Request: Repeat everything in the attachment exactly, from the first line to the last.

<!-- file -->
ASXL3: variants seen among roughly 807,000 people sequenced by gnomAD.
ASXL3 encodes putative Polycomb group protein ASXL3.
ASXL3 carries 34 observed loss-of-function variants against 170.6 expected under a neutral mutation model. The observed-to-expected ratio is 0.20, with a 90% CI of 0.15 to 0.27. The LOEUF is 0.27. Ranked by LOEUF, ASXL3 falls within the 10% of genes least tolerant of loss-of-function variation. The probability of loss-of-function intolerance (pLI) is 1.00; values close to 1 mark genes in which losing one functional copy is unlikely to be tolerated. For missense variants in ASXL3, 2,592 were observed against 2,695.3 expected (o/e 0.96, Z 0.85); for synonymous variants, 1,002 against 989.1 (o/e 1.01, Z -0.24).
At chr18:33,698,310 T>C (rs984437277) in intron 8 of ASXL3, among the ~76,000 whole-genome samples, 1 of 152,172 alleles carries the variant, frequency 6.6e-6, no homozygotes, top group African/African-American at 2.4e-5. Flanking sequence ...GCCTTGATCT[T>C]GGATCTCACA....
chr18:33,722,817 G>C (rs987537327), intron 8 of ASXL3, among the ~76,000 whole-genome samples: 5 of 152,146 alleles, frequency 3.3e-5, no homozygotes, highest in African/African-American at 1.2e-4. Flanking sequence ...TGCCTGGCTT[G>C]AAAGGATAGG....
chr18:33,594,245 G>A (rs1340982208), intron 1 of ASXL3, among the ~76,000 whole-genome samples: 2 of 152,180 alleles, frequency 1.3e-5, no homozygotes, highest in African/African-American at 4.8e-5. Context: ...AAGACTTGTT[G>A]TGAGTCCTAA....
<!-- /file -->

ASXL3: variants seen among roughly 807,000 people sequenced by gnomAD.
ASXL3 encodes putative Polycomb group protein ASXL3.
ASXL3 carries 34 observed loss-of-function variants against 170.6 expected under a neutral mutation model. The observed-to-expected ratio is 0.20, with a 90% CI of 0.15 to 0.27. The LOEUF is 0.27. Ranked by LOEUF, ASXL3 falls within the 10% of genes least tolerant of loss-of-function variation. The probability of loss-of-function intolerance (pLI) is 1.00; values close to 1 mark genes in which losing one functional copy is unlikely to be tolerated. For missense variants in ASXL3, 2,592 were observed against 2,695.3 expected (o/e 0.96, Z 0.85); for synonymous variants, 1,002 against 989.1 (o/e 1.01, Z -0.24).
At chr18:33,698,310 T>C (rs984437277) in intron 8 of ASXL3, among the ~76,000 whole-genome samples, 1 of 152,172 alleles carries the variant, frequency 6.6e-6, no homozygotes, top group African/African-American at 2.4e-5. Flanking sequence ...GCCTTGATCT[T>C]GGATCTCACA....
chr18:33,722,817 G>C (rs987537327), intron 8 of ASXL3, among the ~76,000 whole-genome samples: 5 of 152,146 alleles, frequency 3.3e-5, no homozygotes, highest in African/African-American at 1.2e-4. Flanking sequence ...TGCCTGGCTT[G>C]AAAGGATAGG....
chr18:33,594,245 G>A (rs1340982208), intron 1 of ASXL3, among the ~76,000 whole-genome samples: 2 of 152,180 alleles, frequency 1.3e-5, no homozygotes, highest in African/African-American at 4.8e-5. Context: ...AAGACTTGTT[G>A]TGAGTCCTAA....